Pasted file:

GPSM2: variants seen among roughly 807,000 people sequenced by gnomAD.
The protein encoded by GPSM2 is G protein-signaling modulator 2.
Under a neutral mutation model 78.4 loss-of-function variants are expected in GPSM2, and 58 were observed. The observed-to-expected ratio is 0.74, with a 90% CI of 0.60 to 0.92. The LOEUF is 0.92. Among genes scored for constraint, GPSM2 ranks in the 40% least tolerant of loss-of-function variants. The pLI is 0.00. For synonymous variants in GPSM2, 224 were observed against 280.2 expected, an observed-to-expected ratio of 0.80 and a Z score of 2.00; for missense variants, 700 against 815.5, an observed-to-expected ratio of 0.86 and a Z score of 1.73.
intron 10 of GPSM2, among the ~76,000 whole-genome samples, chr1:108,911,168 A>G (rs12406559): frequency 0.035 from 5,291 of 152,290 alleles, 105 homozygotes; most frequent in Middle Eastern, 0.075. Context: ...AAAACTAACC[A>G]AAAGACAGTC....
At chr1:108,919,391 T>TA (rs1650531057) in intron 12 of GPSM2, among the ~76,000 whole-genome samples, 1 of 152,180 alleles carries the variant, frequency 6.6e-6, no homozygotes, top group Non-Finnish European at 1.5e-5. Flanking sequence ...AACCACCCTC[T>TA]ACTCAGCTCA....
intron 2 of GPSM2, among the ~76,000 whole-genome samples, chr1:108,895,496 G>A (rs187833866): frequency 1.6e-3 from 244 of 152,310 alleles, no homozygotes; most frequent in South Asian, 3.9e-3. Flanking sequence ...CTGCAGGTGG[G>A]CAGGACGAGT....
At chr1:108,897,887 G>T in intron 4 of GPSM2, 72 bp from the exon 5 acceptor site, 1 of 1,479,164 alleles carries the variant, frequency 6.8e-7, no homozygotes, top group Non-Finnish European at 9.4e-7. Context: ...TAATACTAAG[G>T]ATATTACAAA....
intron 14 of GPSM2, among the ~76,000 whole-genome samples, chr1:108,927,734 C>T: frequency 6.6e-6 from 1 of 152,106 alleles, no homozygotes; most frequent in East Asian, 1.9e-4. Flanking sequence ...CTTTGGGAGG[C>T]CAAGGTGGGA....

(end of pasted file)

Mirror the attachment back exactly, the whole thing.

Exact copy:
GPSM2: variants seen among roughly 807,000 people sequenced by gnomAD.
The protein encoded by GPSM2 is G protein-signaling modulator 2.
Under a neutral mutation model 78.4 loss-of-function variants are expected in GPSM2, and 58 were observed. The observed-to-expected ratio is 0.74, with a 90% CI of 0.60 to 0.92. The LOEUF is 0.92. Among genes scored for constraint, GPSM2 ranks in the 40% least tolerant of loss-of-function variants. The pLI is 0.00. For synonymous variants in GPSM2, 224 were observed against 280.2 expected, an observed-to-expected ratio of 0.80 and a Z score of 2.00; for missense variants, 700 against 815.5, an observed-to-expected ratio of 0.86 and a Z score of 1.73.
intron 10 of GPSM2, among the ~76,000 whole-genome samples, chr1:108,911,168 A>G (rs12406559): frequency 0.035 from 5,291 of 152,290 alleles, 105 homozygotes; most frequent in Middle Eastern, 0.075. Context: ...AAAACTAACC[A>G]AAAGACAGTC....
At chr1:108,919,391 T>TA (rs1650531057) in intron 12 of GPSM2, among the ~76,000 whole-genome samples, 1 of 152,180 alleles carries the variant, frequency 6.6e-6, no homozygotes, top group Non-Finnish European at 1.5e-5. Flanking sequence ...AACCACCCTC[T>TA]ACTCAGCTCA....
intron 2 of GPSM2, among the ~76,000 whole-genome samples, chr1:108,895,496 G>A (rs187833866): frequency 1.6e-3 from 244 of 152,310 alleles, no homozygotes; most frequent in South Asian, 3.9e-3. Flanking sequence ...CTGCAGGTGG[G>A]CAGGACGAGT....
At chr1:108,897,887 G>T in intron 4 of GPSM2, 72 bp from the exon 5 acceptor site, 1 of 1,479,164 alleles carries the variant, frequency 6.8e-7, no homozygotes, top group Non-Finnish European at 9.4e-7. Context: ...TAATACTAAG[G>T]ATATTACAAA....
intron 14 of GPSM2, among the ~76,000 whole-genome samples, chr1:108,927,734 C>T: frequency 6.6e-6 from 1 of 152,106 alleles, no homozygotes; most frequent in East Asian, 1.9e-4. Flanking sequence ...CTTTGGGAGG[C>T]CAAGGTGGGA....